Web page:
Your dependents may need, and probably will need, to leave the USA with you. Once you leave, it will...

Q: I’m an illegal immigrant who recently married a US citizen. We have applied for a green card. I want to know my rights.

2 Answers | Asked in Immigration Law for Florida on
Answered on Jan 4, 2019
Allen C. Ladd's answer
Whew, that's too broad to answer in this forum. You MUST make an appointment with an immigration lawyer and discuss this with him or her, to be sure you have covered all relevant legal issues. Go to www.aila.org to find a lawyer in your area, or call the Florida bar on its toll-free number and ask for the lawyer referral service for a low-cost consultation.

Q: Got married and divorce to a us citizen and overstay my visa for over 180 day. Can i be in trouble with immigration?

1 Answer | Asked in Immigration Law for Florida on
Answered on Dec 19, 2018
Hector E. Quiroga's answer
You are currently out of status, so yes. If you are detained, you could be placed in removal proceedings.

Q: I'm married with a American citizen, I would like to apply to the green card, what is the right form to fill up?

4 Answers | Asked in Immigration Law for Florida on
Answered on Dec 6, 2018
Ms Grace I Gardiner's answer
My recommendation is that you look for a free consultation with an immigration attorney. There is more involved than filling forms out.

Q: Should my 23 yr old nephew go to the green card interview with mom since he was arrested for smoking weed in 12/2017?

1 Answer | Asked in Immigration Law for Florida on
Answered on Dec 3, 2018
Kevin D. Slattery Esq.'s answer
Any time an individual seeking some type of U.S. immigration benefit has past criminal history, it is wise to bring copies of the criminal case documents to an immigration attorney for analysis. Without seeing those documents and without asking a series of questions, it is impossible to say one way or the other whether the situation you are describing above will pose a problem. Schedule a consultation with a competent, experienced immigration attorney. Some offer online Skype consultations.

Q: Can I bring an interpreter to asylum interviews or is that not allowed?

1 Answer | Asked in Immigration Law for Florida on
Answered on Dec 2, 2018
Ana S. Mendieta's answer
You MUST bring your own interpreter to your asylum interview. One will NOT be provided to you. Your attorney cannot be your interpreter, nor can your witness nor a representative or employee of the government of your country. Your interpreter must be 18 years or older.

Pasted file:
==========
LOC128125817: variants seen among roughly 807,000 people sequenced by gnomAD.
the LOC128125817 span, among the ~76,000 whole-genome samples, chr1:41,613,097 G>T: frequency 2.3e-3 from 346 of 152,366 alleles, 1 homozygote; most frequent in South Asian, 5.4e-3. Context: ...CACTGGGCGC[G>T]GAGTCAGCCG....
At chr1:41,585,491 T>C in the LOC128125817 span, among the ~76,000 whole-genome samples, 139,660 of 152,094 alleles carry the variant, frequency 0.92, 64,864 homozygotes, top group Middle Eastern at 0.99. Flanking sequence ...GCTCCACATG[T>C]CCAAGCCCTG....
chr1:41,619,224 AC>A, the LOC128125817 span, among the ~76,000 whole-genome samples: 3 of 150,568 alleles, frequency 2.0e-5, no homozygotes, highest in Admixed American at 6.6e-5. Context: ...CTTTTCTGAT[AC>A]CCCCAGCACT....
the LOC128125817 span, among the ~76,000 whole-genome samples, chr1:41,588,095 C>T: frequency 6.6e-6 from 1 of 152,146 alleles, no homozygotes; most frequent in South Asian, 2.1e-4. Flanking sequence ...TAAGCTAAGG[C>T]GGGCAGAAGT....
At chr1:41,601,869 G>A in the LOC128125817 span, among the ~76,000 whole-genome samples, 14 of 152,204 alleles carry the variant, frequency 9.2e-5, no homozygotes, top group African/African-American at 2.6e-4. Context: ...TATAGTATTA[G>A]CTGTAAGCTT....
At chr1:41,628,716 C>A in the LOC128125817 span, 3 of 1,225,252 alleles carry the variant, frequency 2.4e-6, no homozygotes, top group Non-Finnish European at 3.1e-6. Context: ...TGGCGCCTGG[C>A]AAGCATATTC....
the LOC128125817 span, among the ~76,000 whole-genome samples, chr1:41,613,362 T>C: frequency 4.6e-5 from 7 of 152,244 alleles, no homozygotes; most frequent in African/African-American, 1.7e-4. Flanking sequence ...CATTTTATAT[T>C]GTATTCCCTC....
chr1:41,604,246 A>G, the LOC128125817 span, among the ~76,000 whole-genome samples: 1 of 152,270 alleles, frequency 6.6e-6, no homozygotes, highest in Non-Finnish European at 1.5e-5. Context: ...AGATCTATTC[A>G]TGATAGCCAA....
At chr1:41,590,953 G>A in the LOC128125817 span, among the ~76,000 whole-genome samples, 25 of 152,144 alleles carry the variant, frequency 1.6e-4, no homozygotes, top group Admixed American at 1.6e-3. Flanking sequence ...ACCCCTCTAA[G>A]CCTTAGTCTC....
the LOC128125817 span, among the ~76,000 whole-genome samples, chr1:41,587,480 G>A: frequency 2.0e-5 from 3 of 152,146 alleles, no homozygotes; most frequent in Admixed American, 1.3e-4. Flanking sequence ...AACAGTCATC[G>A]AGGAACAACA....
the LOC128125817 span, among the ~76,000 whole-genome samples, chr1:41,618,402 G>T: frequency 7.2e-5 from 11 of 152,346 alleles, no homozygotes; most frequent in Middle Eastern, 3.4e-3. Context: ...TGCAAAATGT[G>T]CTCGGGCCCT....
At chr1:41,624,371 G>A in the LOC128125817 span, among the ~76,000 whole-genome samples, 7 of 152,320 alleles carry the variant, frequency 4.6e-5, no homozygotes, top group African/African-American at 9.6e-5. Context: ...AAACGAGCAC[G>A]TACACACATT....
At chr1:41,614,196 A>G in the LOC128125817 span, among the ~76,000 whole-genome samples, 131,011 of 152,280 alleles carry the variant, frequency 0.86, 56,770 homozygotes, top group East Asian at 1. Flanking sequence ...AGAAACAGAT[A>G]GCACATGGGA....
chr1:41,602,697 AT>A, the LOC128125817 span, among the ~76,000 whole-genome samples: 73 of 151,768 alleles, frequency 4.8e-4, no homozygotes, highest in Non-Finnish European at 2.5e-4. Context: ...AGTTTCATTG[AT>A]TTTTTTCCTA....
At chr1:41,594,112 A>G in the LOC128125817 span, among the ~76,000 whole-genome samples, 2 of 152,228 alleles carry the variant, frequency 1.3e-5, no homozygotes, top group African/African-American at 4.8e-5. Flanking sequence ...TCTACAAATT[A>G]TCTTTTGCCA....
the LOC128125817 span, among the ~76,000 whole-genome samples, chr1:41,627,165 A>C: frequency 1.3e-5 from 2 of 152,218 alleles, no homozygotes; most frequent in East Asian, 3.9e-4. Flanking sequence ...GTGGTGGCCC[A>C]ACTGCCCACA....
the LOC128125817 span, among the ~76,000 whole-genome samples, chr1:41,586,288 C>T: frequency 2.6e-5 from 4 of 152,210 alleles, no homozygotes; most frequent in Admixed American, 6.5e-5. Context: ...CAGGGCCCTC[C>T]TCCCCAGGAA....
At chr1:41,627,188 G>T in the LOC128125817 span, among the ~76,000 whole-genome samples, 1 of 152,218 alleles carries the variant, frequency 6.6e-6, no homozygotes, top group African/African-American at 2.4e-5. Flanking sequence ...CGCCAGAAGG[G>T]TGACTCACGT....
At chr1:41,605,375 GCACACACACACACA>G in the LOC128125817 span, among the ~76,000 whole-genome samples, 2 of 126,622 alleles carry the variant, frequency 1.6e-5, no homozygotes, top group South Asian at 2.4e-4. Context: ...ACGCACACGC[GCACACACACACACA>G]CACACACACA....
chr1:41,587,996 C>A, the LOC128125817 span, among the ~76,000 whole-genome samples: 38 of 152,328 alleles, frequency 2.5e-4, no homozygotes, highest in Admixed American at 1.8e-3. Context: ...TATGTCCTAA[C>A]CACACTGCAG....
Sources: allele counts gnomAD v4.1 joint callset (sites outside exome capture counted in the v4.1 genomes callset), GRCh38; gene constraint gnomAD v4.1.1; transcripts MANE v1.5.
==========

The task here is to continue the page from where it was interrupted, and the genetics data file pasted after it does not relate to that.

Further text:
Even if USCIS will not provide interpreters for the interview, they use contract interpreters to monitor asylum interviews at local asylum offices and other locations by telephone, and this might of confused you. If...

Q: Can I solicit a tourist visa for the mother of my child of Honduran citizenship. Our baby boy has an American passport

2 Answers | Asked in Immigration Law for Florida on
Answered on Nov 30, 2018
Kevin D. Slattery Esq.'s answer
Are you a U.S. Citizen? If so, and if you are not yet married to your child's mother, then a K-1 fiancee case may be appropriate. One would need to know, however, whether your child's mother has any criminal history or negative past U.S. immigration history that could complicate such a case. If you are a U.S. Citizen, another possibility could be that you marry abroad, and then pursue a family-based immigrant visa for your wife. You likely should schedule a consultation with a competent...

Q: My girlfriend is currently in Florida on a work Visa: AuPair. She wants to quit her job and enroll in College, advice?

1 Answer | Asked in Immigration Law for Florida on
Answered on Nov 26, 2018
Kevin D. Slattery Esq.'s answer
She should schedule a consultation with a competent immigration attorney. If she is hoping to do a change of status from within the United States, maintaining lawful nonimmigrant status at all times is imperative. Again, she should seek the advice of an attorney who can review all strategies with her.

Q: My daughter entered THE LOTTERY in Canada. I'm a citizen, can I also file form I-130 ?

2 Answers | Asked in Immigration Law for Florida on
Answered on Nov 14, 2018
Sheri A Benchetrit's answer
Yes you can file an I 130 for your daughter, but if she is over the age of 21, and if she is married, her place in line will be further back and it may take a few years before it is her turn in line.

Q: Can I travel while my green card is about to expire in 5 months ?

1 Answer | Asked in Immigration Law for Florida on
Answered on Nov 14, 2018
Ms Grace I Gardiner's answer
Yes you can travel provided that you trip is less than the five months

Q: I got married in Dec2014 but only received my first green card in Jan2018 how long i wait before apply for citizenship?

1 Answer | Asked in Immigration Law for Florida on
Answered on Nov 8, 2018
Cheryl Fletcher's answer
If your spouse is a US citizen and you are still married and living together, you are eligible for naturalization 3 years from the day you became a lawful permanent resident.

Best,

Cheryl Fletcher, Esq.